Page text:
Monday, September 20, 2010

SharePoint Saturday LA – great event

A second SharePoint Saturday Event in California took place in LA last Saturday at the Hilton LAX. The organizing committee chair Karuana Gatimu and co-chair Christian Buckley, once again put a great community conference. Owen Allen did a very insightful keynote on the transition of SharePoint to a business management platform. Needless to say I loved to hear him talk about ACM and CM utilizing SharePoint as a solution platform.

The sessions were a mix of repeats from SharePoint Saturday East Bay and local speakers, covering a variety SharePoint topics. I did once again my talk on when and how to use SharePoint and Silverlight, with excellent attendance and great feedback.  For those that joined the session follow the links below to download the slide deck and other resources.

Client Object Model on Channel 9

Using the Silverlight Object Model

Saturday, September 11, 2010

SharePoint Saturday East Bay – Recap

Another great SharePoint Saturday Event  in San Ramon. The organizers Christian Buckley, Michael Noel, the sponsors, and the volunteers did an excellent job in providing a top notch facilities and amenities for the event. Global 360 was a gold sponsor of the event.

Lots of great sessions on SharePoint virtualization, search, governance and other hot SharePoint topics. I was really thrilled to do a new session on when and how to use SharePoint and Silverlight. For those that attended the session follow the links below to download the slide deck and other resources.

Client Object Model on Channel 9

Using the Silverlight Object Model

Friday, September 03, 2010

Agile Tips: The End Game

Making short iterations work is hard. First the team has to find the right amount of work and commit, only to be confronted with reality and find out that the estimates are not what they meant them to be.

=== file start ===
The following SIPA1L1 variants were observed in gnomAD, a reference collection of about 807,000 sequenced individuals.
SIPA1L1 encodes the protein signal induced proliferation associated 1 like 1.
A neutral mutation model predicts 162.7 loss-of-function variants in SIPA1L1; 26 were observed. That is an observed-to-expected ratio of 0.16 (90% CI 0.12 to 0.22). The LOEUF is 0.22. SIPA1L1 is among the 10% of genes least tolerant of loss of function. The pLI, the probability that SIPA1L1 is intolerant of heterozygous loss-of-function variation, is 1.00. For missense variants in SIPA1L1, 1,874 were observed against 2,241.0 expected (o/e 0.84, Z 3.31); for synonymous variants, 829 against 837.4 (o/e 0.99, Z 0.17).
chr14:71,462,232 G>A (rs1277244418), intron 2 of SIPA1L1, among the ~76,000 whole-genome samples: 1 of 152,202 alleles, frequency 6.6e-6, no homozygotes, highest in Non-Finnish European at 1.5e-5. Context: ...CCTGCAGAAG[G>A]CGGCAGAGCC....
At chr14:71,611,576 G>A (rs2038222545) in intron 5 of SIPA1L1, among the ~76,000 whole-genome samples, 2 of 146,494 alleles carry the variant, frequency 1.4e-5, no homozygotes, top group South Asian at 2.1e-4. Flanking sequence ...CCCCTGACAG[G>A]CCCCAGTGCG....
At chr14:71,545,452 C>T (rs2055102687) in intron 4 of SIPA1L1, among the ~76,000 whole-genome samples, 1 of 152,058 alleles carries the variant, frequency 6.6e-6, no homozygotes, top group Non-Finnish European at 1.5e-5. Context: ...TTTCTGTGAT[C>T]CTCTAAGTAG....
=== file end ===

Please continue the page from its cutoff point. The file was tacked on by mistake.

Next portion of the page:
In the first days of the iteration (T-8) the top priority stories get tackled, and somewhere in the middle of the iteration (T-5) the team has a pretty good feel, of which stories have a good chance to get accepted, and which may fall off the iteration or get split.

This last part of the iteration is what our team calls the End Game. The End Game starts 3-4 days (T-3) before the end of the (2 weeks) iteration. This is when we start deciding, which stories can be accepted, which  may be split, and which may be moved to the next iteration. The rule of thumb we adopted is that once we enter the End Game, we do not take new stories if there are other stories in the works that have higher chances of acceptance.


This simple rule helps the team concentrate on completing top priority stories and the associated bugs first and then move onto new work. We found that this leads to a much better outcome rather than have many stories open at once and than struggle to split them or move them to the next iteration.

Another effect of adopting the End Game rule is that it raises the team awareness of what it takes to complete the stories with highest chance for acceptance. This is when team members that have completed and accepted their assigned stories, start asking the question: “How can I help other stories so they get accepted?”.

Tasks get reshuffled, pairs form to tackle difficult tasks, conversations with the product owner take place to set priorities. Work gets done-done.